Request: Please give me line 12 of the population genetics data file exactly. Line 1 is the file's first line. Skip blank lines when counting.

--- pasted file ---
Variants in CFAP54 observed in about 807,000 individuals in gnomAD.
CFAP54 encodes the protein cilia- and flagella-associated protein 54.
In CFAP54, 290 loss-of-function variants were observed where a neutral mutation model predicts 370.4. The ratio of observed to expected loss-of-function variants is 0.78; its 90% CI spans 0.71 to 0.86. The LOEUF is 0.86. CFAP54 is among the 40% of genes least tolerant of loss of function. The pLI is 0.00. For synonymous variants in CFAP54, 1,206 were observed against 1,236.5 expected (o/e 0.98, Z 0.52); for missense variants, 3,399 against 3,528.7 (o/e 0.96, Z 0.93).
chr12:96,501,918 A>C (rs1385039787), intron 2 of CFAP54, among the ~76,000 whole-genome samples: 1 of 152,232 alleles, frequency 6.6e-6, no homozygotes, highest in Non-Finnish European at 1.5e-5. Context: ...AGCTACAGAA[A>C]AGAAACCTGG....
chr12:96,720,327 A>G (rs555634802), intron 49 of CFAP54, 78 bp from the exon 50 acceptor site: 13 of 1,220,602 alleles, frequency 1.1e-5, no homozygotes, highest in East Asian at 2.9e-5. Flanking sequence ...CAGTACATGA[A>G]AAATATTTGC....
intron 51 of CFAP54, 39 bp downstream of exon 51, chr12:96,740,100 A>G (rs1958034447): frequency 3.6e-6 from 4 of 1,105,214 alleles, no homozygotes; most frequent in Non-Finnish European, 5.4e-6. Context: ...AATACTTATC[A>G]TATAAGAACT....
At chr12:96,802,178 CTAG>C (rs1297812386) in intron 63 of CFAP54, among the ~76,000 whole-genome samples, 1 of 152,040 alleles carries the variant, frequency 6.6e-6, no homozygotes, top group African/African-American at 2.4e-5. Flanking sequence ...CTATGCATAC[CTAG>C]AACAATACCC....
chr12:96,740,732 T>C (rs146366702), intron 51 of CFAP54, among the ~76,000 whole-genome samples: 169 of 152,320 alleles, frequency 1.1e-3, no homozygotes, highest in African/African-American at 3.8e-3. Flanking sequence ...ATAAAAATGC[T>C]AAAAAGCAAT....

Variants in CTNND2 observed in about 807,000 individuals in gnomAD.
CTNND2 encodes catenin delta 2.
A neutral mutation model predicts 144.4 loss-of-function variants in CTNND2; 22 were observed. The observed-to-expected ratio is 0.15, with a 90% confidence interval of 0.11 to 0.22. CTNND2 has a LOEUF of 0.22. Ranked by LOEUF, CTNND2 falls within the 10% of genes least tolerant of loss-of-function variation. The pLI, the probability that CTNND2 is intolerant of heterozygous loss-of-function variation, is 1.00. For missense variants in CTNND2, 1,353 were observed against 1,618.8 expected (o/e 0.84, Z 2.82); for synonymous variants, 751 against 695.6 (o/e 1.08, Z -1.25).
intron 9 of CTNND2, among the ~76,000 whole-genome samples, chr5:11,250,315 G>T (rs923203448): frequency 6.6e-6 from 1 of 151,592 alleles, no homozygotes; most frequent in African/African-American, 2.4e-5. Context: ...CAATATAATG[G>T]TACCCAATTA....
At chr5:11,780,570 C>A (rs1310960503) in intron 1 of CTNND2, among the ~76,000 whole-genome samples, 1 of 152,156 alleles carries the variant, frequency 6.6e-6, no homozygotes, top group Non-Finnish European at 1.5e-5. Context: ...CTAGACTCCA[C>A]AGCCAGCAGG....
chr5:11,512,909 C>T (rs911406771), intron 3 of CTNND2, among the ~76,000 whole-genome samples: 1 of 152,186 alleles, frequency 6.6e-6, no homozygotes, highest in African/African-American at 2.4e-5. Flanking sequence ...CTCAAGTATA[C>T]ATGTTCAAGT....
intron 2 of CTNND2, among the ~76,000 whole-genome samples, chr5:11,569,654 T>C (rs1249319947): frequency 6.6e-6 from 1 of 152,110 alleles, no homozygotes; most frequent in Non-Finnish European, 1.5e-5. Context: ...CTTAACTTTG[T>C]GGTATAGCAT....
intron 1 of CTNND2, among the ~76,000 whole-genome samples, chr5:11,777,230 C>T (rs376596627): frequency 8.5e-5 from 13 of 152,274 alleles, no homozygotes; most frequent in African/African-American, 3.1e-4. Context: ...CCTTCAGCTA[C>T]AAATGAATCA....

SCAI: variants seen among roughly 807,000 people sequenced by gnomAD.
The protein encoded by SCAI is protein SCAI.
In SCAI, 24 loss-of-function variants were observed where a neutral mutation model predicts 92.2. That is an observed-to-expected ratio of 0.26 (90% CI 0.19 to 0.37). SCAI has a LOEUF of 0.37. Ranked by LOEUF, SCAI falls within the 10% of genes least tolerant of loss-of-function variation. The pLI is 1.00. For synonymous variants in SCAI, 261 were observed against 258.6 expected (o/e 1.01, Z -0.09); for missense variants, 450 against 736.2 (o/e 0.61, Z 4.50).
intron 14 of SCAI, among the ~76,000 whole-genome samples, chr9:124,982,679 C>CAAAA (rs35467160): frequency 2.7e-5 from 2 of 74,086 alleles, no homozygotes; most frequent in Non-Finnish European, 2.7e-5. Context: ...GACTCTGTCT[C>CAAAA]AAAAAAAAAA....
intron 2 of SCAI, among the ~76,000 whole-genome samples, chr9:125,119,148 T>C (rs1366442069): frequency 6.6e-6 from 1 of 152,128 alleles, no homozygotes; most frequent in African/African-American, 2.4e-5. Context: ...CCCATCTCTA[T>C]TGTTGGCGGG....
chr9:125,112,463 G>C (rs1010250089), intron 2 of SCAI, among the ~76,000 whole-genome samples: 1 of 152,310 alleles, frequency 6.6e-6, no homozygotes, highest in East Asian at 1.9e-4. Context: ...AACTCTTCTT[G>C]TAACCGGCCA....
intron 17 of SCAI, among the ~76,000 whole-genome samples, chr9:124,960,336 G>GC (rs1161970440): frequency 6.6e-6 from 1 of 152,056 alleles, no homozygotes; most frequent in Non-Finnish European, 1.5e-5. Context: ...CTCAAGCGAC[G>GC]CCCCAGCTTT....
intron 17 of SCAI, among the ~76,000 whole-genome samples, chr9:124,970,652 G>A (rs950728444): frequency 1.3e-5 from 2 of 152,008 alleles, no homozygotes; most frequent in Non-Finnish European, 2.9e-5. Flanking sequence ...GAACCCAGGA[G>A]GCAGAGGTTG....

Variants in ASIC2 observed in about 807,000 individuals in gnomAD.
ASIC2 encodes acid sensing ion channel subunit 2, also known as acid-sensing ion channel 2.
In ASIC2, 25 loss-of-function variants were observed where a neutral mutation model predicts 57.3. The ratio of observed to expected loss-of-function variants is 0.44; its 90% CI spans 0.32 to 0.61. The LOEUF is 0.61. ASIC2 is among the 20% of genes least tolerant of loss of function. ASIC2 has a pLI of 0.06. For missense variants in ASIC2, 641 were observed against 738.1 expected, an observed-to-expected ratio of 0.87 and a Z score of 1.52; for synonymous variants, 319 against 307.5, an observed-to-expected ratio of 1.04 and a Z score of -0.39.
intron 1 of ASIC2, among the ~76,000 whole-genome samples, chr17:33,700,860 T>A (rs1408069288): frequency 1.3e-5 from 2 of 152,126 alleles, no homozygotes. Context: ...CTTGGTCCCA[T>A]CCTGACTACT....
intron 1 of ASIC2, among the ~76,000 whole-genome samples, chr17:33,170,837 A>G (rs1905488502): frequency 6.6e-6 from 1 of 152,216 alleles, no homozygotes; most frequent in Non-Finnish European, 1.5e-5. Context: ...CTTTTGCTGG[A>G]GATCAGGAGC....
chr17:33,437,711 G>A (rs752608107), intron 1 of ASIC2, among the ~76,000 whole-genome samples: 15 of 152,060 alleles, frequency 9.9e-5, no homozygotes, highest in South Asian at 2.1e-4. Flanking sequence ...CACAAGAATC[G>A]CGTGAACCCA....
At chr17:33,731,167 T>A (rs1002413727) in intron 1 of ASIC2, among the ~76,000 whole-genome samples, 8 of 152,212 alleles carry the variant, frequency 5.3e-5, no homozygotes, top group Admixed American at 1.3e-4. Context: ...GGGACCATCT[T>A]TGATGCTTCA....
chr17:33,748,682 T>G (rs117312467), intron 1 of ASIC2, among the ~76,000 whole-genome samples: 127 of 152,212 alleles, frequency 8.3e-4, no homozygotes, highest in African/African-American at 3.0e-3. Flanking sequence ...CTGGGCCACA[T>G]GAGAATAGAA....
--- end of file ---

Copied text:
intron 9 of CTNND2, among the ~76,000 whole-genome samples, chr5:11,250,315 G>T (rs923203448): frequency 6.6e-6 from 1 of 151,592 alleles, no homozygotes; most frequent in African/African-American, 2.4e-5. Context: ...CAATATAATG[G>T]TACCCAATTA....